4. Smart office parties. We don’t go to bowling alleys or beer pubs. Instead, we prefer to take part in business games and intellectual quests.
  5. Shared office. The whole team works in one office. If any idea should appear, we can immediately discuss it and come to an agreement right there. It saves a lot of time.

Now, there are four people in our team: two course developers, an LMS admin, and me.

Step 2: Choosing an editor for e-courses

After the previous two years, we’ve realized that outsourcing content development didn’t work for us. It’s not a question of money, it’s a question of quality. For example, we could probably trust a freelancer to create a course on time management, as this topic doesn’t require a deep dive into our specifics. But have you ever tried to find an outsourcer who can make a high-quality course on dust and gas collectors?

Therefore, we decided to create the content on our own in close cooperation with internal experts at the company. The next step was to find an editor which would allow us to quickly build professional courses in SCORM format. We analyzed both local and foreign-language solutions, and the final choice was iSpring.

With iSpring Suite, creating a SCORM course in PowerPoint is child’s play. The process is no different from making a slide presentation. Another advantage of iSpring Suite is its content library.

Just like people build machines from our steel, we build e-courses out of iSpring Content Library items. It contains everything we need: characters, backgrounds, icons, and buttons.

Step 3: Creating an electronic knowledge base

In a year with iSpring Suite, we’ve developed 34 e-courses. There are three content types:

SCORM presentation

There are plenty of regulations and information about the manufacturing process at NLMK. Previously, these materials looked like plain presentations. We’ve improved their design, converted them to SCORM, and uploaded them to the LMS. We assign them to the employees, so they can login and study these courses on their own initiative. This content is freely accessible.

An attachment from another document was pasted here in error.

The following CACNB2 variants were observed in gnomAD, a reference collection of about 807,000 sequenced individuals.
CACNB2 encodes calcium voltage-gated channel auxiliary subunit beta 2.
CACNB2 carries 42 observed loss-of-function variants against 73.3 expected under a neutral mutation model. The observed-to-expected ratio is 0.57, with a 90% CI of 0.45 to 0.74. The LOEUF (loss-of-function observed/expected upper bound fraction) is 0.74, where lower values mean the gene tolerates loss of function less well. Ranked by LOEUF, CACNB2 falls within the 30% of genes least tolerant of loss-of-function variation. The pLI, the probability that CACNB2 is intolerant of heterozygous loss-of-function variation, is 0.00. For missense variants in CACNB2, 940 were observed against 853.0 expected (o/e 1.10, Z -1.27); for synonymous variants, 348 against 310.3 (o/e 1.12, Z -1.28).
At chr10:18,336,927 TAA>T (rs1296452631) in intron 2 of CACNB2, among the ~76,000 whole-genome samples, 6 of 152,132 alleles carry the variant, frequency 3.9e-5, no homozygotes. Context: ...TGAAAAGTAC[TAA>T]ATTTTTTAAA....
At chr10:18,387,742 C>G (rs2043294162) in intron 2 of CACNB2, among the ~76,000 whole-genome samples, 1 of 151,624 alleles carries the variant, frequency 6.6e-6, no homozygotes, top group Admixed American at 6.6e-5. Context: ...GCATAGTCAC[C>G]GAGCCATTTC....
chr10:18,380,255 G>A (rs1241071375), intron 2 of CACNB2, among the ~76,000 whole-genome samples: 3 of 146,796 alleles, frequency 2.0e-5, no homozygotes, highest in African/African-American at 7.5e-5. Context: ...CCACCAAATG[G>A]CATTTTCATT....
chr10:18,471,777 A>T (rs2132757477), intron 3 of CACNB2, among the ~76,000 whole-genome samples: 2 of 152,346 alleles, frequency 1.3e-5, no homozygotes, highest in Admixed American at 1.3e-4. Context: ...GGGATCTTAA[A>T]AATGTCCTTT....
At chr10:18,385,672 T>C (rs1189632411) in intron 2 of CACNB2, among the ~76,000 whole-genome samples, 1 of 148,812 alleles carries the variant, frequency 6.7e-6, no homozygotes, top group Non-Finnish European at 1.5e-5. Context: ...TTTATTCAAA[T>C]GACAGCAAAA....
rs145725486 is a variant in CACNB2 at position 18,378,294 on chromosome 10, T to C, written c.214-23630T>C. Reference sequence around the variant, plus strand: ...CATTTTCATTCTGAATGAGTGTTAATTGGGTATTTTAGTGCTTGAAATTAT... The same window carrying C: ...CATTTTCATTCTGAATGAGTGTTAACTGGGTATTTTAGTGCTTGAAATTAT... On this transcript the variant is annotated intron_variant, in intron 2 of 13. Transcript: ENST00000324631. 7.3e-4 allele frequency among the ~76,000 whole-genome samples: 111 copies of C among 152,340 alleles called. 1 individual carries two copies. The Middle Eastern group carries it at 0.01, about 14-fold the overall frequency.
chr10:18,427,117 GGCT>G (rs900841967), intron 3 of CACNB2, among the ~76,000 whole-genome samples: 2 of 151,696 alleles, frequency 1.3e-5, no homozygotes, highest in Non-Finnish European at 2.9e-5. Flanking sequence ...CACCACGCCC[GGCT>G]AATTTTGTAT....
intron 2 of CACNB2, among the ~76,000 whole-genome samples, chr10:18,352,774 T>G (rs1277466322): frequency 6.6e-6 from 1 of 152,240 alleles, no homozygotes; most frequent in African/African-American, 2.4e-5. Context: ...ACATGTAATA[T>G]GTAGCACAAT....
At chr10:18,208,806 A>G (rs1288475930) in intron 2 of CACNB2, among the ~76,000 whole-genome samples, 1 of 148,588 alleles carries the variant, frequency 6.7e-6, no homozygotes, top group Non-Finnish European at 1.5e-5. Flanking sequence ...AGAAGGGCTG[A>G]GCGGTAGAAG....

Such courses are used for self-training. All NLMK employees are required to be regularly certified against the basics of workplace health and safety; otherwise they will not be allowed to conduct shop operations.

A year ago, it took a week of in-class training to prepare for a test. Now, the training is digitized: our employees sign up to the LMS, study the course, take the exam in a computer class, and get clearance.

There’s no need to spend a week in class – they learn when it’s convenient. Thus, employees save their learning time by 50%.

Informative courses

These materials cover corporate culture, soft skills, and personal performance.

In addition to the theory, there are many practical exercises in the courses: tests and dialogue simulations. It is important that the employees don’t simply read something – they should retain the knowledge in their brains.

For instance, let’s take a course on conflicts of interest. When developing it, we used real cases from our experience as examples. Thanks to this, it easily makes clear what a conflict of interest is, and why it’s dangerous for an employee and the company.

Trainings & motivational courses

The foundation of this content type is good storytelling and gamification. It’s important to come up with a plot, a conflict, a time of action, and a main character, then work on design and practical exercises.

For example, let’s take our course “Gas treatment stations and water purifying units.” The key idea: All NLMK plants use gas treatment stations and water purifying units. They serve as a filter and prevent harmful substances from entering the atmosphere.

However, some new employees don’t know what the units are for, or how to figure out whether they are in working order or not.